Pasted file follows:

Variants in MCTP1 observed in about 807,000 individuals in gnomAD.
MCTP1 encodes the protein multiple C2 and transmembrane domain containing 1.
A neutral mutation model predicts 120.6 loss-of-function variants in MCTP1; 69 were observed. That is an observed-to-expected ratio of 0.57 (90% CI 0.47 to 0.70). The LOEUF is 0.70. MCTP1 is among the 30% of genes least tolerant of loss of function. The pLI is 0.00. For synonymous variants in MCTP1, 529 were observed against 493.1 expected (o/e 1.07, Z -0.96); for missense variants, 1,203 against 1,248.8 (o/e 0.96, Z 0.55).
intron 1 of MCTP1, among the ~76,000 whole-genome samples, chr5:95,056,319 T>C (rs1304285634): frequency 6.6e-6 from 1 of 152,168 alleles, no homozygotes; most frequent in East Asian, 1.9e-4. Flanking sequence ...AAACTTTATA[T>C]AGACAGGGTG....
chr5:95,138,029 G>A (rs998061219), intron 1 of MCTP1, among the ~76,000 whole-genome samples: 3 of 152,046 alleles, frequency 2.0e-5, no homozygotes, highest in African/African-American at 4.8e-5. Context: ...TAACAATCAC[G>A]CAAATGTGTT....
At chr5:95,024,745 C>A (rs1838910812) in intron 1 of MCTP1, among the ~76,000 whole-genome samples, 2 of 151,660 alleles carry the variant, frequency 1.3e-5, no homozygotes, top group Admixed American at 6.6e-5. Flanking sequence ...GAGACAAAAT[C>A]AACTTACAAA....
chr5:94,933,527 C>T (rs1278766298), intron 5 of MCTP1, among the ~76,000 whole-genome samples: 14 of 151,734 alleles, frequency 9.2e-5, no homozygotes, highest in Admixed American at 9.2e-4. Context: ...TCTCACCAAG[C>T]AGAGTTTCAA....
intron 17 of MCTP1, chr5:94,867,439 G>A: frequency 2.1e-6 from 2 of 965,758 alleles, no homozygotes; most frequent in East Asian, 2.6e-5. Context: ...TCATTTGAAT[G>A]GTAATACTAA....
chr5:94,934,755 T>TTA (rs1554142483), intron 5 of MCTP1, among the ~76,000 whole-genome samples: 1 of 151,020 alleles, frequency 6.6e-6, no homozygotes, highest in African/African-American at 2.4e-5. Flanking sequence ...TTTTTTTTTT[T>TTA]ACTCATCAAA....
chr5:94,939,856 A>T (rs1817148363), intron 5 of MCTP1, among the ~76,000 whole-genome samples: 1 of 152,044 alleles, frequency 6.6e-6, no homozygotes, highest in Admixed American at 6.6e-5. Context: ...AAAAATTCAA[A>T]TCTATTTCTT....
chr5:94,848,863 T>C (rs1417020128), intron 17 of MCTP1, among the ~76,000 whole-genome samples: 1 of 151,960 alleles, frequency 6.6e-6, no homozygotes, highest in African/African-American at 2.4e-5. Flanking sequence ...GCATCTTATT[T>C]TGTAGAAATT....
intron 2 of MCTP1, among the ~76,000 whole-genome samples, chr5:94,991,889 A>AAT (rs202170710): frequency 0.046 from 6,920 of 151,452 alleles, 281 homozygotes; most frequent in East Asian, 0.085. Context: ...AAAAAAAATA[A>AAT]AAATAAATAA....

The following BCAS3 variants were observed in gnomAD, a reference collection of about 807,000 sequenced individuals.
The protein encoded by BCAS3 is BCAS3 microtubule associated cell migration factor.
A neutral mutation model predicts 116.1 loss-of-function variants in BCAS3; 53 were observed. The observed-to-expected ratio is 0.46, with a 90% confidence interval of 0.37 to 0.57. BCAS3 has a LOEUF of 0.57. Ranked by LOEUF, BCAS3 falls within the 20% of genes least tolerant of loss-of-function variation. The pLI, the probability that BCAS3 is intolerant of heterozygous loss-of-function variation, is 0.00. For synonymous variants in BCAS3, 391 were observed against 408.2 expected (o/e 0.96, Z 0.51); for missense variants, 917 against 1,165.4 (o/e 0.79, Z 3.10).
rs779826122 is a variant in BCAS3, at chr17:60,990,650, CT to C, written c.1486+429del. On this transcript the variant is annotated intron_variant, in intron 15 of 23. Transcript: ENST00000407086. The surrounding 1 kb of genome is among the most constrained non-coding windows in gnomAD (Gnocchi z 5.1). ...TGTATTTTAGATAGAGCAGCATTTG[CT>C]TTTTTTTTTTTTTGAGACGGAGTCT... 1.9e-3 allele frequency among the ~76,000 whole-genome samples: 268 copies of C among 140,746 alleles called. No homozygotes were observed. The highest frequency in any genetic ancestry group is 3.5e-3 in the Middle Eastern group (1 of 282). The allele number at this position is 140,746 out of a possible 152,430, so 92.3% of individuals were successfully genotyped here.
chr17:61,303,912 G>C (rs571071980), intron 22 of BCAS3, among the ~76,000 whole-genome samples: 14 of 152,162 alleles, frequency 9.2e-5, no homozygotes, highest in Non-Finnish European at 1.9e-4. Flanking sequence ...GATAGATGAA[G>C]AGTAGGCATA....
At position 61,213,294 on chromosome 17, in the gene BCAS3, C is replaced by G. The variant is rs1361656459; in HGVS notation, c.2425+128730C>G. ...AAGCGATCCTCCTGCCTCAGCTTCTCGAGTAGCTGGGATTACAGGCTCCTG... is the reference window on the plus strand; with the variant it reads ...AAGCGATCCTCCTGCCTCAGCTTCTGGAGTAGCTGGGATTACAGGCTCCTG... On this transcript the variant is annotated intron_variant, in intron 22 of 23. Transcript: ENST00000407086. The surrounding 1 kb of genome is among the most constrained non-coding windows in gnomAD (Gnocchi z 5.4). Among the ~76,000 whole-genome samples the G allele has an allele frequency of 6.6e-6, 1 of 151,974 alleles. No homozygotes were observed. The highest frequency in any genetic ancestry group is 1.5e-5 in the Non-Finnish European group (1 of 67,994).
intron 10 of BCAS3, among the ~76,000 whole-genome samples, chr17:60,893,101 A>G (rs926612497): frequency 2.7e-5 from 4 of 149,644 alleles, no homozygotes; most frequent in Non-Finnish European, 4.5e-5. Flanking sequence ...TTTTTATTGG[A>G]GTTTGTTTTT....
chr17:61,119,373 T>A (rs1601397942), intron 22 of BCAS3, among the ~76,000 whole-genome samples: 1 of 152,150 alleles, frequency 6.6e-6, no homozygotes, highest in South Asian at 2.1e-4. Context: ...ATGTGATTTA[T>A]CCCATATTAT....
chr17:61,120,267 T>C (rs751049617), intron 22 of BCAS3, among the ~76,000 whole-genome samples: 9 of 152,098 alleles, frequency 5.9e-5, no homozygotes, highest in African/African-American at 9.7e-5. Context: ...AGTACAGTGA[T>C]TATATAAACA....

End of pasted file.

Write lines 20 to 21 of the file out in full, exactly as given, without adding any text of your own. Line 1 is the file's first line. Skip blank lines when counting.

chr17:61,119,373 T>A (rs1601397942), intron 22 of BCAS3, among the ~76,000 whole-genome samples: 1 of 152,150 alleles, frequency 6.6e-6, no homozygotes, highest in South Asian at 2.1e-4. Context: ...ATGTGATTTA[T>A]CCCATATTAT....
chr17:61,120,267 T>C (rs751049617), intron 22 of BCAS3, among the ~76,000 whole-genome samples: 9 of 152,098 alleles, frequency 5.9e-5, no homozygotes, highest in African/African-American at 9.7e-5. Context: ...AGTACAGTGA[T>C]TATATAAACA....